Record Review - 2 May 13 2004

Chicago quartet Califone has explored the intersection of electronic sound textures and traditional blues-folk arrangements since the 1997 disintegration of Red Red Meat, the shambolic codeine blues-rock group that played breeding group for Califone members. While each Red Red Meat member contributed to Califone in the past, the lineup solidified around Tim Rutili, Ben Massarella and newcomers Joe Adamik and Jim Becker as of last year's Quicksand/Cradlesnakes. While still prone to bits of electronic detritus, it proved the apogee of the collective's craft, even improving upon Califone's stunning debut LP, Roomsound, with more affecting songs and a tighter mix of effects and loping songcraft. Now, Heron King Blues registers as the ensemble's most experimental to date.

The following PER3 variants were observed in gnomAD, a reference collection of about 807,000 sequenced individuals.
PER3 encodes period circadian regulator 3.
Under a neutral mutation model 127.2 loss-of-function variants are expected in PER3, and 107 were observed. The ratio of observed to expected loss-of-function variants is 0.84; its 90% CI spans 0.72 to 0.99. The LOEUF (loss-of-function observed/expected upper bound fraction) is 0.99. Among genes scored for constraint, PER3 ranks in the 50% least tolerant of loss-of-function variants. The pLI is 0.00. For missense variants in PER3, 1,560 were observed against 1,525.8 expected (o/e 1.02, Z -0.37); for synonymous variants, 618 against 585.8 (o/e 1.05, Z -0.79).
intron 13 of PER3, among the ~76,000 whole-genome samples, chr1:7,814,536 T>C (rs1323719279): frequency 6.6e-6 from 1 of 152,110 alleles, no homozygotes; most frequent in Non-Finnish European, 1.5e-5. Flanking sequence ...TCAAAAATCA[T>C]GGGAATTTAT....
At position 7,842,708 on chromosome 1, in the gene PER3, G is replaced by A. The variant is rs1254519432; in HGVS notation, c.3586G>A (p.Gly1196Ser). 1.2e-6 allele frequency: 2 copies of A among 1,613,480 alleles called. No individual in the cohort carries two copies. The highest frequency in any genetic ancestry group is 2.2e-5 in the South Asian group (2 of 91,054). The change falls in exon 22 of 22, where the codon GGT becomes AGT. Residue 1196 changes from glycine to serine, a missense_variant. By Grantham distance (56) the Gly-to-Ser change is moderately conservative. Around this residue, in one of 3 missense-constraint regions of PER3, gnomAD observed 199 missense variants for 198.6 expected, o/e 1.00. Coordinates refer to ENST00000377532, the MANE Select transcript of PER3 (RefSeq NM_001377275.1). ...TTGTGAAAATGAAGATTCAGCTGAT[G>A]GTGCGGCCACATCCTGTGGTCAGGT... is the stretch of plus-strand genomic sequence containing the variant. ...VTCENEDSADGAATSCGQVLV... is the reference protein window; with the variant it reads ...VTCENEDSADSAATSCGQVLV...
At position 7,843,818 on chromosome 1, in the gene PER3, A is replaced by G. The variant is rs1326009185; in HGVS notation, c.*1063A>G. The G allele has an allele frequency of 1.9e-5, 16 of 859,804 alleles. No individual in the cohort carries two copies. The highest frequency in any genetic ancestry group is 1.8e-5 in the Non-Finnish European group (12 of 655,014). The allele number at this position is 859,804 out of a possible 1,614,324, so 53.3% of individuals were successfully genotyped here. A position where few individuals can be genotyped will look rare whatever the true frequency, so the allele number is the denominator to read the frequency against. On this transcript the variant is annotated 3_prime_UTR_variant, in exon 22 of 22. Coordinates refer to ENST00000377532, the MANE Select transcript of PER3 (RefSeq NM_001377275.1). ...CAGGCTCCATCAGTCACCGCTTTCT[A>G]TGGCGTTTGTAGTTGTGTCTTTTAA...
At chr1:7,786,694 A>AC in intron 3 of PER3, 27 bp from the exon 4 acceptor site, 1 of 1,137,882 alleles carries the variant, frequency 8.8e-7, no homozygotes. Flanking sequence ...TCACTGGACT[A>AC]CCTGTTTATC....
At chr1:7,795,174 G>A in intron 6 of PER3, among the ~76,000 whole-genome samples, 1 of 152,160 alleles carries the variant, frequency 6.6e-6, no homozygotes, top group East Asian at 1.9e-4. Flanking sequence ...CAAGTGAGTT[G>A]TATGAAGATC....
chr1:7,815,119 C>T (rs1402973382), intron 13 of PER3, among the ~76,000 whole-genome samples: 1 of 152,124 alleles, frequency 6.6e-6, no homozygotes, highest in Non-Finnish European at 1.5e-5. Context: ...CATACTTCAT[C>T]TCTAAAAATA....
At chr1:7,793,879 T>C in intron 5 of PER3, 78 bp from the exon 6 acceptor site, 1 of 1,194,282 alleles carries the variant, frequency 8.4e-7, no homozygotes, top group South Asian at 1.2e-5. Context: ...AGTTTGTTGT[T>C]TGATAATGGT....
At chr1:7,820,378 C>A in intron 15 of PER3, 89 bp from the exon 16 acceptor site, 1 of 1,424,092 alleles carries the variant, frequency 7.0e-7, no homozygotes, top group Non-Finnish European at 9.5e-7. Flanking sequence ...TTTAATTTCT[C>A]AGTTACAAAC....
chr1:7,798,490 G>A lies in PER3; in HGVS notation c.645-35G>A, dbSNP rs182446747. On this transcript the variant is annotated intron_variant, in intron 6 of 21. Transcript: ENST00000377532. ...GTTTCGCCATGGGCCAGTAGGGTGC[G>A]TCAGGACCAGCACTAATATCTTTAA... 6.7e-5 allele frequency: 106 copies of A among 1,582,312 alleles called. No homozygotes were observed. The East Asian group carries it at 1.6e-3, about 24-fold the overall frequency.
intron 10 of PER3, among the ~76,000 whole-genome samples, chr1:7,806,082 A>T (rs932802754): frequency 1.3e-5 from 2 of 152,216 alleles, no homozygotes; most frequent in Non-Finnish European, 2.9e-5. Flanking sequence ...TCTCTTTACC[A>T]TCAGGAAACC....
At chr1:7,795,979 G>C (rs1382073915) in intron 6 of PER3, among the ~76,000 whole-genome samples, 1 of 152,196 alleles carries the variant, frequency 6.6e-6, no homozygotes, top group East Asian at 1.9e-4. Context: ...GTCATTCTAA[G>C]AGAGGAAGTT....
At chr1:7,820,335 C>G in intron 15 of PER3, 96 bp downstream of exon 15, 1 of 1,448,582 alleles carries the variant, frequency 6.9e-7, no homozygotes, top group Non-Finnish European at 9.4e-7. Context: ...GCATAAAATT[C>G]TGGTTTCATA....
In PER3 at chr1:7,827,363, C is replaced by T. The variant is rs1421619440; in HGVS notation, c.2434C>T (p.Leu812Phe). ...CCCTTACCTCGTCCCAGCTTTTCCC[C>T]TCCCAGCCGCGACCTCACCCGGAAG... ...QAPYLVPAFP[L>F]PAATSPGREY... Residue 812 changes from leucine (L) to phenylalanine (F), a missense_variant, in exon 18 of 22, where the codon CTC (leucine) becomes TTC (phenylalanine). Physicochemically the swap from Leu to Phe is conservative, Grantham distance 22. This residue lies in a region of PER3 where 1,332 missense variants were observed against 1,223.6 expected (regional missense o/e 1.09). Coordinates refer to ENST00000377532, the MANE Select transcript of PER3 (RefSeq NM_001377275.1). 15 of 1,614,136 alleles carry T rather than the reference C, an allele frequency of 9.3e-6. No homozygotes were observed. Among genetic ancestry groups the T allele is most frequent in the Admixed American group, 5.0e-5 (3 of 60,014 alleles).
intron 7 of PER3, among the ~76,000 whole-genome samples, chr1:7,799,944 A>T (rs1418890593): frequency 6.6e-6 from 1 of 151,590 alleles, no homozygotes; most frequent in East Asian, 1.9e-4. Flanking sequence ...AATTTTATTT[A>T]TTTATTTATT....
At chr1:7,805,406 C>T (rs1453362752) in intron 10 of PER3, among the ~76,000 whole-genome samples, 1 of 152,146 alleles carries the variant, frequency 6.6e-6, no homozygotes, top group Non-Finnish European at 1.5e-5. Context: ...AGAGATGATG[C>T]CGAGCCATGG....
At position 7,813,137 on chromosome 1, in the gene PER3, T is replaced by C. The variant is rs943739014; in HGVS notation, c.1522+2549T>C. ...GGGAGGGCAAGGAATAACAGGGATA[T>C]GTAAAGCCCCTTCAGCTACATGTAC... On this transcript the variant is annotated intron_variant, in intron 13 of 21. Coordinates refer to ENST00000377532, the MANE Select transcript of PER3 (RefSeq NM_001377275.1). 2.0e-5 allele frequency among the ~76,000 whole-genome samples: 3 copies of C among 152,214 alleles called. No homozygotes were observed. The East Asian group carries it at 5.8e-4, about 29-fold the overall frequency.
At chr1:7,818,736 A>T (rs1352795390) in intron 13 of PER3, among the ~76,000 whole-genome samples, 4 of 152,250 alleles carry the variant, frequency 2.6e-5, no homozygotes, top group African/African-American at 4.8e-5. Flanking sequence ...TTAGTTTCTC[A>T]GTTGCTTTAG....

Heron King Blues retains many of the elements of Quicksand/Cradlesnakes — particularly on the acoustic opening track, "Wingbone" — but elsewhere the quartet seems intent on pushing its shotgun marriage to the edge of dissolution. "Trick Bird" has the gentle ambience of a trip-hop tune aside from Rutili's hoarse vocals, while the country guitar of "Sawtooth Sung a Cheater's Song" sounds as though it were dropped into the opening "sound check" of the Velvet Underground's "European Son." The album culminates with the 15-minute title track of detuned skronk-blues atmospherics that resemble Captain Beefheart. While still interesting, fans of Califone's futuristic country-blues songs — as opposed to the group's increasingly experimental predilections — may be disappointed.

Califone plays the Echo Lounge Tues., May 18. 9 p.m. $8.